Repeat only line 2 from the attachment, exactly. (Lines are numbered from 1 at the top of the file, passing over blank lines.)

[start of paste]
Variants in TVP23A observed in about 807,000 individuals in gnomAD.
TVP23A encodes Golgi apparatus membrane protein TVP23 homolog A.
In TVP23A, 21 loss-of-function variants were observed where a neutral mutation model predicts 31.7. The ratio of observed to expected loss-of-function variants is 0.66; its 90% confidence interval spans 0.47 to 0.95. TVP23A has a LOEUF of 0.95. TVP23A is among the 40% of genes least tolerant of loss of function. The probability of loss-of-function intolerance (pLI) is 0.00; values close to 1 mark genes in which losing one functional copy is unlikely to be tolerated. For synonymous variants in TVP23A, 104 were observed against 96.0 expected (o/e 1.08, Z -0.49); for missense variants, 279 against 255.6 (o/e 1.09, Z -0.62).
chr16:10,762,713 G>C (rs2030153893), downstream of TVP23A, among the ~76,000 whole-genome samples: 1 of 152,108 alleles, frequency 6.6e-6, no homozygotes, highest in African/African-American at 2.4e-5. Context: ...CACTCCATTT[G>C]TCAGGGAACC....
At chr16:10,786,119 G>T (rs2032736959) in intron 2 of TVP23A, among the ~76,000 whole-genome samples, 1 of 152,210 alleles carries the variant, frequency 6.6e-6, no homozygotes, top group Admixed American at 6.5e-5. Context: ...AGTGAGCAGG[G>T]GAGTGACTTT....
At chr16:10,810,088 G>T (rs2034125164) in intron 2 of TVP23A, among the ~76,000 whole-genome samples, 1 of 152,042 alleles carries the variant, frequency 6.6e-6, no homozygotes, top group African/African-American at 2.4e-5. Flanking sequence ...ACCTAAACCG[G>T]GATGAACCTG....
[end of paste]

TVP23A encodes Golgi apparatus membrane protein TVP23 homolog A.